A Theoretical Analysis of the Effect of Greenhouse Gases in the Atmosphere

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1 A Theoretical Analysis of the Effect of Greenhouse Gases in the Atmosphere Michael Hammer A presentation to The Lavoisier Group s 2007 Workshop Rehabilitating Carbon Dioxide held in Melbourne on June 2007

4 Some basic spectroscopy If a material absorbs light, one might intuitively expect the amount of light absorbed to be proportional to the concentration of the material, so that doubling the concentration doubles the amount of light absorbed. This is not the case as can be seen by a simple thought experiment. Imagine we have a piece of material which absorbs 50% of the light incident on it transmitting the other 50%. Doubling the concentration of material is exactly equivalent to adding a second identical piece of the material behind the first piece. We already agreed the first piece absorbs 50% of the light incident on it transmitting the remaining 50%. The second piece being identical does exactly the same, absorbing 50% of the light that passed through the first piece and transmitting 50%. Thus the net light passing through the two pieces is not 0 but 25%. Io 0.5 of Io absorbed 0.5Io 0.5 of 0.5Io absorbed 0.25Io Thus the relationship between concentration and light absorbed is not linear, but exponential. Spectroscopists use the term absorbance to define the degree to which a sample absorbs a particular wavelength of light. This term is defined by the equation; Fraction of energy transmitted = 10 absorbance and Fraction of energy absorbed = 1 10 absorbance If a sample has an absorbance of 1, it means that it absorbs 90% of the light incident on it, transmitting the remaining 10%. The absorbance of a sample is directly and linearly proportional to the amount of absorbing material in the light path (Beers law). Thus if a particular sample has an absorbance of 1 then doubling the concentration of the absorbing species for the same path length or doubling the path length with the same concentration will change the absorbance to 2. Application to an atmospheric greenhouse gas When the greenhouse gas absorbs energy it heats up and this heat is shared with other atmosphere components through collisions between gas molecules causing the entire gas volume to warm. As can be seen from Stefan s law, emission increases with temperature and the gas volume will warm up until the energy emitted matches the energy absorbed. This energy will be emitted in all directions but since the atmosphere is a thin continuous shell covering the entire earth it only has two surfaces, an inner surface adjacent the planet itself and an outer surface adjacent to space. Radiation can only leave the atmosphere through one of these surfaces. Thus, radiating in all directions in effect means 50% will be emitted towards space and 50% returned to the planetary surface. 3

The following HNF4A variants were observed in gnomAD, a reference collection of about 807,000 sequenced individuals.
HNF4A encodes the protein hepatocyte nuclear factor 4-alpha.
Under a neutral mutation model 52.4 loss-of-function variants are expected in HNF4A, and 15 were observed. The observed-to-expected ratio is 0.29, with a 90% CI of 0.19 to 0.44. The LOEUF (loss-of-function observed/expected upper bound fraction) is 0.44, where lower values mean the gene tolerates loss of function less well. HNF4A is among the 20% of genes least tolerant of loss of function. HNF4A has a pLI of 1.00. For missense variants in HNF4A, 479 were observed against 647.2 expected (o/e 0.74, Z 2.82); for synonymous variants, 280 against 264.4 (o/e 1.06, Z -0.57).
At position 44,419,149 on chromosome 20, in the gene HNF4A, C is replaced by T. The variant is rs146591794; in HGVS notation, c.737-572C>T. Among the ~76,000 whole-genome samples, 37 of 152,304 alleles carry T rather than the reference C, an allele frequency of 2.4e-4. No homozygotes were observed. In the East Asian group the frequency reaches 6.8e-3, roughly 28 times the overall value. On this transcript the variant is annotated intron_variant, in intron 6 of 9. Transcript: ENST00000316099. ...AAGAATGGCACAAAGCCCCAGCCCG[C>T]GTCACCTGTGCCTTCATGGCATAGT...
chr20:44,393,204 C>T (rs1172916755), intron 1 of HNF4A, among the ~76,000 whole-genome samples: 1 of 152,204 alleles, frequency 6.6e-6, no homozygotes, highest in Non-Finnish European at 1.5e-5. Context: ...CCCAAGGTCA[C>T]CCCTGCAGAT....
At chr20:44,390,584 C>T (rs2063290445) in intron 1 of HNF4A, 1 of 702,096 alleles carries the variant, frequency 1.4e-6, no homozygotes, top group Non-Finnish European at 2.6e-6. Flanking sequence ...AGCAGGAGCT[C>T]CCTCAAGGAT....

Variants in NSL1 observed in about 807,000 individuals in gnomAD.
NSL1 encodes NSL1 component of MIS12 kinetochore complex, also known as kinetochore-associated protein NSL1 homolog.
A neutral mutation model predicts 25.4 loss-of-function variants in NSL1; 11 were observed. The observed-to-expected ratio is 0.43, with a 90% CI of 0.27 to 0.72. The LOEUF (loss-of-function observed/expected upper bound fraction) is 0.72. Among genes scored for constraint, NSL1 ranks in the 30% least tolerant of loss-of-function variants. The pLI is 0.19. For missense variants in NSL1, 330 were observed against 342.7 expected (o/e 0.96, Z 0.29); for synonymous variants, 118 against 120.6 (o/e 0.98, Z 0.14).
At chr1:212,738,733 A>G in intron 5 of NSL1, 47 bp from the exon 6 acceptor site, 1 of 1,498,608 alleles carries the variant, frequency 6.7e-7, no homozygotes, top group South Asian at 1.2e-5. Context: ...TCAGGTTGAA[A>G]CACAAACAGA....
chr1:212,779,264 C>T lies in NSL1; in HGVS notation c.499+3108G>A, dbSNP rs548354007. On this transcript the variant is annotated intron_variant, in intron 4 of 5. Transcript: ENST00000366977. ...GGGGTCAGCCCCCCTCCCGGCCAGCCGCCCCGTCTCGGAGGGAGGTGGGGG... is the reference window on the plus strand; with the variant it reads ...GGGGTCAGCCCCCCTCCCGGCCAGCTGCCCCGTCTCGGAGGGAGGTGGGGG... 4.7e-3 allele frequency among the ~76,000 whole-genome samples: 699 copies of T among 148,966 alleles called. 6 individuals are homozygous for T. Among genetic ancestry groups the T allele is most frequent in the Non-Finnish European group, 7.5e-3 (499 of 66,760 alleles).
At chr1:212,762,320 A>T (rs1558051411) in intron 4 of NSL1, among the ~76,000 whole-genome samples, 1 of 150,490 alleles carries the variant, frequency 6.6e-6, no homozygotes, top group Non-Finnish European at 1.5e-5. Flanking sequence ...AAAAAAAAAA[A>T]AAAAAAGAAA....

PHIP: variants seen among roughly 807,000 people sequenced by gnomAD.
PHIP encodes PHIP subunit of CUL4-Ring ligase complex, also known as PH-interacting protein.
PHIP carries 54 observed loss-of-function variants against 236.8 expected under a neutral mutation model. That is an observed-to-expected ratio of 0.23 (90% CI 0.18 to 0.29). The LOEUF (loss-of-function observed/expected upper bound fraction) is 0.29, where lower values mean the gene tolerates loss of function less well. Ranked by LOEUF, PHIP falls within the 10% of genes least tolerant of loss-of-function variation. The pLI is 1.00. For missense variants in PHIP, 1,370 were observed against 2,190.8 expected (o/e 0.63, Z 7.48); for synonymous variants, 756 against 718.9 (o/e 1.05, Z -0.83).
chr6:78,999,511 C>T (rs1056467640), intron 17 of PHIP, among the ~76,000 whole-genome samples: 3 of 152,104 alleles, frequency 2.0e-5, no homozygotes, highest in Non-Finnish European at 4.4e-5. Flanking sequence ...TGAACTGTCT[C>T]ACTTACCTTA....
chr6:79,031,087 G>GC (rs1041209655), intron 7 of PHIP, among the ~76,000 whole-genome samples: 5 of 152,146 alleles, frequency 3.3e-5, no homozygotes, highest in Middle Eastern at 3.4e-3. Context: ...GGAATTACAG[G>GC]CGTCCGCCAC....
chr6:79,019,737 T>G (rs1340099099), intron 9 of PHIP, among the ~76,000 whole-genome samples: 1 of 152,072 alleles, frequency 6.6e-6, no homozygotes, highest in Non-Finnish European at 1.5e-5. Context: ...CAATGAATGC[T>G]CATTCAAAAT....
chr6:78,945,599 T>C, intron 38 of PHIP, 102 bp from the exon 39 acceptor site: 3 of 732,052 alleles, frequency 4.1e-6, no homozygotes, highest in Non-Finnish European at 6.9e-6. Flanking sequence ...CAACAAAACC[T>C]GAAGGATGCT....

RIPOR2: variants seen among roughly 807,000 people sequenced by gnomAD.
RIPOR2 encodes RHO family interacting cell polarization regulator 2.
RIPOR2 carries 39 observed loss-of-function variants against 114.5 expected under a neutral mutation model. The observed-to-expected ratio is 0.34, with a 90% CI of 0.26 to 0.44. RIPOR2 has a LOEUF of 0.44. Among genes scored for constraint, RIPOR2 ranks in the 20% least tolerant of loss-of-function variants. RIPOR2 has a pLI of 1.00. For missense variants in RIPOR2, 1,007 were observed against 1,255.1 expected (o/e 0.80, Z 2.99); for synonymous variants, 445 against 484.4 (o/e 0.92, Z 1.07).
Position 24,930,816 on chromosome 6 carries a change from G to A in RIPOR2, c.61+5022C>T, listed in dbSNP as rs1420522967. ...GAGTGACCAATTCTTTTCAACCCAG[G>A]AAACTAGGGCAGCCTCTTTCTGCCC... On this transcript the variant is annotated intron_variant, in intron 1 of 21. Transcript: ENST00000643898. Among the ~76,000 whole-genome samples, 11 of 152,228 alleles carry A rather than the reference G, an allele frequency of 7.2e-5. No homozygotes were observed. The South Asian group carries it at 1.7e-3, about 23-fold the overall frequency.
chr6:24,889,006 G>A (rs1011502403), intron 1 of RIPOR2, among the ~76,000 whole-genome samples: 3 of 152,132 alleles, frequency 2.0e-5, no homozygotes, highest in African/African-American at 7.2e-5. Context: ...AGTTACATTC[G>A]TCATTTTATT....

5 For very low green house gas absorbance, well below 1, the fraction of energy absorbed will be small and to first order we can ignore energy emitted by the gas being re-absorbed within the gas column. In that case the energy returned to the earth s surface is half the energy absorbed; 0.5 * (1 10 -absorbance ) (1) The possibility of energy emitted by the gas being re-absorbed by the gas becomes more significant as the absorbance rises. In this context we must again remember that the same emissivity covers both absorption and emission so that emitted energy will be at the absorption wavelengths thus facilitating repeated absorption and re-emission. By the time the atmospheric absorbance has reached 1, 90% of the energy at the absorption wavelengths is being absorbed which also means that much of the energy emitted by the atmosphere will be re-absorbed within the atmosphere, possibly going through several absorption re-emission cycles within the atmosphere. In that case, equation (1) will not apply. To analyse this situation, imagine we treat the entire gas column as stack of 1 absorbance layers. As a first order approximation, assume that each layer absorbs all the energy it receives from above or below and maintains itself in thermal equilibrium by emitting an equal amount of energy, half towards the surface and half away from the surface. The result is shown diagrammatically below for an N absorbance atmosphere. E 1/2 E 1 E 1 = E 2 / 2 (2) E 1/2 E 2/2 E 2 = E 1 / 2 + E 3 / 2 (3) E 2 E 3/2 E 2/2 E n-1/2 E n/2 E n+1/2 E n E n/2 E n = E n-1 / 2 + E n+1 / 2 (4) (4) E N-1/2 E N/2 E N E N = E N-1 / (5) Surface emission Set to 1 per unit E N/2 SURFACE Where E 1 is the total energy absorbed by layer 1 E 2 is the total energy absorbed by layer E n is the total energy absorbed by layer n E N is the total energy absorbed by layer N Fig 1 4

6 Equations (2) to (5) are obtained by summing energy into each layer. Substituting (2) into (3) gives E 2 = 2 * E 3 / 3 (6) Substituting (6) into (4) gives E 3 = 3 * E 4 / 4 (7) In general for the nth layer E n = n/n+1 * E n+1 (8) replacing n by n-1 in (8) gives E n-1 = n-1/n * E n (9) rearranging (8) gives E n+1 = n+1/n * E n confirming E n-1 /2 + E n+1 /2 = ((n-1)/2n + (n+1)/2n) * E n = E n From (9) E N-1 = N-1/N * E N Substituting into (5) gives E N = (N-1)/2N * E N +1 And rearranging E N = 2N/(N+1) (10) Repeated substitution in (8) yields; E n = n/n+1 * E n+1 = n/n+1 * n+1/n+2 * E n+2 *...* N-1/N * E N Cancelling common terms gives En = n/n * E N (11) The energy radiated away to space is 0.5 * E 1 = 1/(N+1) (12) The energy returned to the earths surface is 0.5* E N = N/(N+1) (13) Equations 1 and 13 are plotted below. Interestingly, even below 1 absorbance equation 13 gives essentially the same result as equation 1 and can thus be treated as a reasonable approximation over the entire absorbance range. fraction of energy retained 0.5 * (1 10 -N ) Fig absorbance N / (N+1) Fig 2 Equation (11) gives the relationship between energy absorbed by a layer versus the position of the layer within the gas column or atmosphere and as can be seen it is a linear relationship. 5